I want to hold your hand

There have been times in my life where I’ve wanted someone to hold my hand. Like the time I was in the midst of 9/11, when I went through my divorce and that moment I was diagnosed with type 1 diabetes.

Each time knowing someone was there to reassure me allowed me to let go, relax and trust the process.

Having someone there to gently support me through times of transition has not only been invaluable it’s become a guiding principle for the way I approach my work as a yoga teacher. I couldn’t have developed my own practice and career without the support, friendship and guidance from truly brilliant mentors.

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I firmly believe that when someone holds your hand at a time of deep crisis, nothing can compare. So why do we feel that we shouldn’t ask for help at other times in our lives? Perhaps we feel we should toughen up, go it alone and shoulder the burden or that we shouldn’t ask for favors or special treatment when wanting to learn a new skill. Forgive me but that’s a bunch of hooey!

If I’d believed any of those things, I most likely would never have started teaching yoga.

I can remember the exact moment my teacher suggested I think about teaching. She encouraged me to ask a fellow more senior teacher to mentor me and there was that incredible feeling when she said, yes. It was a gentle start; handing out blocks, watching her teach, writing down her sequences. Picking her brain.

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Another milestone moment was being able to study with a visiting senior teacher. I was a nervous wreck presenting my 3-minute shoulder opening sequence and was shocked at the feedback, “you are a natural teacher, keep at it.”

I never went looking for a job as a yoga teacher. In the early 90’s you were just lucky that people were passionate enough about their own practice to share it in an open class. When one such teacher made a suggestion that I teach a bunch of pregnant ladies at his studio because I just happened to be pregnant too, I thought, why not? I bought myself a copy of Sophie Hoare’s book, Yoga and Pregnancy and didn’t look back. Never mind the fact that I hadn’t a clue what it was like to give birth or go through a pregnancy.

By then, I’d had enough handholding from my teachers to trust that I could fly. And I did! With clear feedback and support I made it through that first year of teaching and I developed the confidence to teach.

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Being a teacher who trained, ‘old style’ its been surprising to watch the development of training in the last 20 years. Trainings are getting shorter, cheaper and less personal. When planning to run a course, marketing and spreading the word, the first feedback I often get is: looks great but…. it’s too long, doesn’t fit my schedule or I’d rather do it on an exotic island overseas.

I get it and there’s absolutely nothing wrong with wanting to learn to instruct yoga. Anyone can learn to stand on their head, but not everyone can teach yoga.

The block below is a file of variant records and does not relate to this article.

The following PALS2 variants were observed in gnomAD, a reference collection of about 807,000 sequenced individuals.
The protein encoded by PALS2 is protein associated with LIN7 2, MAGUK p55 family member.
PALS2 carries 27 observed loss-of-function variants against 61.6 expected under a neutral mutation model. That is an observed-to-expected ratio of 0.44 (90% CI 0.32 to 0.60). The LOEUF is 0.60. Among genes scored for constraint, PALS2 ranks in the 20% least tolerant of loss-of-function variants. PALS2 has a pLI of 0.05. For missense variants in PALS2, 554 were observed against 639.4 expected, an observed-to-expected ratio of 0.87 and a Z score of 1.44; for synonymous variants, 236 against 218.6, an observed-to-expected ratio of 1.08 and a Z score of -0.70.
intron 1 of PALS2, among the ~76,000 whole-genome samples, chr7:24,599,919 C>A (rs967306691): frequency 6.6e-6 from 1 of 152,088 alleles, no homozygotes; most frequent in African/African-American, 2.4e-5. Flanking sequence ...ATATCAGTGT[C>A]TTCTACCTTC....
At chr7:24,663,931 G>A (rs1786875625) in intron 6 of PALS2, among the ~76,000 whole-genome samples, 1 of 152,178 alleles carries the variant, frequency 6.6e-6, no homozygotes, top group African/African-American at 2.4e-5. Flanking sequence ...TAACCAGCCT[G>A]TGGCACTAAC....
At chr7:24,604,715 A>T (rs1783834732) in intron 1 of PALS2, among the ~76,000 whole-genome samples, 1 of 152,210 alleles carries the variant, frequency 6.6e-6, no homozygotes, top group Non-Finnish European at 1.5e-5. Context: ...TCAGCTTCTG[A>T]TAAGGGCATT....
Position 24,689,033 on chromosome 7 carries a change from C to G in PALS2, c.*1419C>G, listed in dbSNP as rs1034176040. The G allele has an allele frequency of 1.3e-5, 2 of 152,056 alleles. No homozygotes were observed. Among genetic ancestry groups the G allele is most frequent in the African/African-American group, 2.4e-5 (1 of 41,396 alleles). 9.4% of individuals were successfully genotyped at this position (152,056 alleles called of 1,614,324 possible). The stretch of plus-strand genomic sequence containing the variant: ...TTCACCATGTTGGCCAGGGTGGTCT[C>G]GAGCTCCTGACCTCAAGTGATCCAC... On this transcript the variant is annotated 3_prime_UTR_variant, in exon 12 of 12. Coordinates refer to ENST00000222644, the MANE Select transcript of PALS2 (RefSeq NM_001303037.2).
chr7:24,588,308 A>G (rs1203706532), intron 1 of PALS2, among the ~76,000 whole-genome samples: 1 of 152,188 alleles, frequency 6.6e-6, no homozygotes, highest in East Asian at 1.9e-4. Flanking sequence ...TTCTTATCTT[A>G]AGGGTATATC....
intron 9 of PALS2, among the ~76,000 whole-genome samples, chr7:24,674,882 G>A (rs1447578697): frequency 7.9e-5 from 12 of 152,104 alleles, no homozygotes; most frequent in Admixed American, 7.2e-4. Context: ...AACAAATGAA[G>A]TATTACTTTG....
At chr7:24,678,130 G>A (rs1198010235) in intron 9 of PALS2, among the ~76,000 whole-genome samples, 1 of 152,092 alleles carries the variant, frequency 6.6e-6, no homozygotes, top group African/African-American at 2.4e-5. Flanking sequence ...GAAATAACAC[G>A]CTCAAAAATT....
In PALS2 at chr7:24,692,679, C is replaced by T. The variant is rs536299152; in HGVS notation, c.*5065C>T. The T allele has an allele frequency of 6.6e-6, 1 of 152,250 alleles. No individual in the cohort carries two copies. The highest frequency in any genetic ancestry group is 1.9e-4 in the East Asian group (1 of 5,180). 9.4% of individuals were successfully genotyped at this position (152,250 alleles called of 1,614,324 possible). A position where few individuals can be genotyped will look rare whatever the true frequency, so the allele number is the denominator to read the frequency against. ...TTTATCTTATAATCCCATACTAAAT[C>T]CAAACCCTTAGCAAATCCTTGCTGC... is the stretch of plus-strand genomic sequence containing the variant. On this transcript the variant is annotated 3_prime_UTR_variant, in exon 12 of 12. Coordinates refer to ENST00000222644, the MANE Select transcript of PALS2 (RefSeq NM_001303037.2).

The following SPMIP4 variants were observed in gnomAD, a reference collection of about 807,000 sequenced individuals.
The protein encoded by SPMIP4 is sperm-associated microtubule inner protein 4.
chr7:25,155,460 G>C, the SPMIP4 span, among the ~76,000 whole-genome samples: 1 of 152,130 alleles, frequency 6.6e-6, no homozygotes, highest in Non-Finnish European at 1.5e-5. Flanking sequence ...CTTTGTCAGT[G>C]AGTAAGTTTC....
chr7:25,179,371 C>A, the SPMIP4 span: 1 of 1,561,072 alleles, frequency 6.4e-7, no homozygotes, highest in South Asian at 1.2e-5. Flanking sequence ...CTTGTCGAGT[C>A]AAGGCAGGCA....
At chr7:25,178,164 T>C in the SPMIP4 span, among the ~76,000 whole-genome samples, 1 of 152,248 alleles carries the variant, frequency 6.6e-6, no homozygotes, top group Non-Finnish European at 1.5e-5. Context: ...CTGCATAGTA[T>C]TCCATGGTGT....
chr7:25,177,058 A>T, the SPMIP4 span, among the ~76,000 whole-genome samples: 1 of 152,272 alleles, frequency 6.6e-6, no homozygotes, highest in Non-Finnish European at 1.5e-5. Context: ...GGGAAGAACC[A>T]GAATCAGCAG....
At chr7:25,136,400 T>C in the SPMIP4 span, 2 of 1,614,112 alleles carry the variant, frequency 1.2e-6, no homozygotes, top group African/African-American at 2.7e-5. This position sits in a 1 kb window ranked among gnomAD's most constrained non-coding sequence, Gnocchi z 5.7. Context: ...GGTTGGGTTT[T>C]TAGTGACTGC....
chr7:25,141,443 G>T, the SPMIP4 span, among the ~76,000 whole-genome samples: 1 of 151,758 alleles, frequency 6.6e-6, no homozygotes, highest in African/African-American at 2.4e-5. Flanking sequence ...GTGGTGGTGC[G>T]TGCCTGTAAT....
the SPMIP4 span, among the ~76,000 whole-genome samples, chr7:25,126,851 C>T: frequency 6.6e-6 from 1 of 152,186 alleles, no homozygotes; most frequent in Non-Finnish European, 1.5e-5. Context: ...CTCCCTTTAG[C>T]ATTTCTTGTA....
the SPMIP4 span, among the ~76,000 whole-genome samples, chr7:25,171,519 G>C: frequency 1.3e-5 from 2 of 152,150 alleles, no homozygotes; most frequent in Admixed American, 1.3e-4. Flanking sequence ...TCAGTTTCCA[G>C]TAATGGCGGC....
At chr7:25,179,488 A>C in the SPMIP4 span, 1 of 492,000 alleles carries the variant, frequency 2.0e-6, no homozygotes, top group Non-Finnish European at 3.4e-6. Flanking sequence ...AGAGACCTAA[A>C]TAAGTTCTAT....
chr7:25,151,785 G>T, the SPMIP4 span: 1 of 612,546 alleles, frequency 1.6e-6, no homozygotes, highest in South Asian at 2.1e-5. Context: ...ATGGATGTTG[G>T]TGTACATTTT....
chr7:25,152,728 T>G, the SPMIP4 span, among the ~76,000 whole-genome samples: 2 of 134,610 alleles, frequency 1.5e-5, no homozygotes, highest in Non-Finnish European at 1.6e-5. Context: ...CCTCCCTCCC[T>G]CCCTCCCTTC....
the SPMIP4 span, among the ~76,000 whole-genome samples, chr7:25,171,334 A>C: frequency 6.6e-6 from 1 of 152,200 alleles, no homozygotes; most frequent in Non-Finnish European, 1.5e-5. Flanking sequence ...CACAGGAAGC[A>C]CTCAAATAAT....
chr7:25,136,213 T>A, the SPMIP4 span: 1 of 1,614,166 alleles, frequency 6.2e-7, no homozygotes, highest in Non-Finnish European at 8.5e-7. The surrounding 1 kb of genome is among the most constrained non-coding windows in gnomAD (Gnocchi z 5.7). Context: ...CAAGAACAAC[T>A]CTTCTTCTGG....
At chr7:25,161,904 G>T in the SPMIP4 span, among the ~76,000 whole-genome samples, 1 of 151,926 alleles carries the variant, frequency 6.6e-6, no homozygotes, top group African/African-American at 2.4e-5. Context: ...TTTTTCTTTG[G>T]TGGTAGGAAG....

What I’m passionate about is meeting people who want to live yoga, know what yoga is and share that as a teacher. In my experience that kind of study and practice takes time, introspection and a connection with a mentor who cares. I feel absolutely grateful to my mentors knowing that years later I can still write, ask questions and share my heart.

As a yoga teacher trainer I’ve been lucky to mentor a handful of students. Watching them go on to inspire their own students and even teach teachers is hugely satisfying. When we get together and they share their growth as a teacher I feel like a proud mother hen. I couldn’t imagine what my life would be like without these dear friends.

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Someone once shared with me that what they loved most about the training environment was that we all felt like a big family. The people who had trained the previous years would come back and join the classes and share their knowledge and experiences with the new group.

To me that’s what mentoring is all about. Being embraced by community, good will and a sense of giving back.

Reflecting on the importance of mentoring has inspired me to rethink how we approach our teacher training courses. How we can be more effective in sharing the tradition and true meaning of yoga while keeping in mind the demands of a busy 21st century life.

I think its important to know the teacher, make a connection and watch them in action. Plus, there’s something about having a teacher’s hands on yours, showing you how to adjust and observing different bodies to learn how  to adapt the posture to the individual. And then there’s the group dynamic and building community.

With all these thoughts in mind we’ve put together a 12- month mentorship training which combines face to face training (where you learn to teach a set series of postures  in the Ishta style while receiving the depth of the traditional teachings of yoga) which is then followed by an online component.

Over the 12 months we’ll also teach you via group google hangouts and personal skype sessions with the intention to

-support you to stay committed to your personal practice

-give insight into your progress as a developing yogi and teacher

-provide opportunities for you to assist and be involved in any of our workshops, trainings and events.

If something like this peaks your curiosity and you’d like to know more we’re launching this new 350 Yoga Australia registered course with a two-week immersion from October 10-24, 2016 in Byron Bay, Australia.

The course is limited to 10 participants and acceptance is on application and interview only. You need at least two years of yoga experience to apply and two references. Applications close August 31, 2016

To find out more send me an email rachel@rachelzinmanyoga.com


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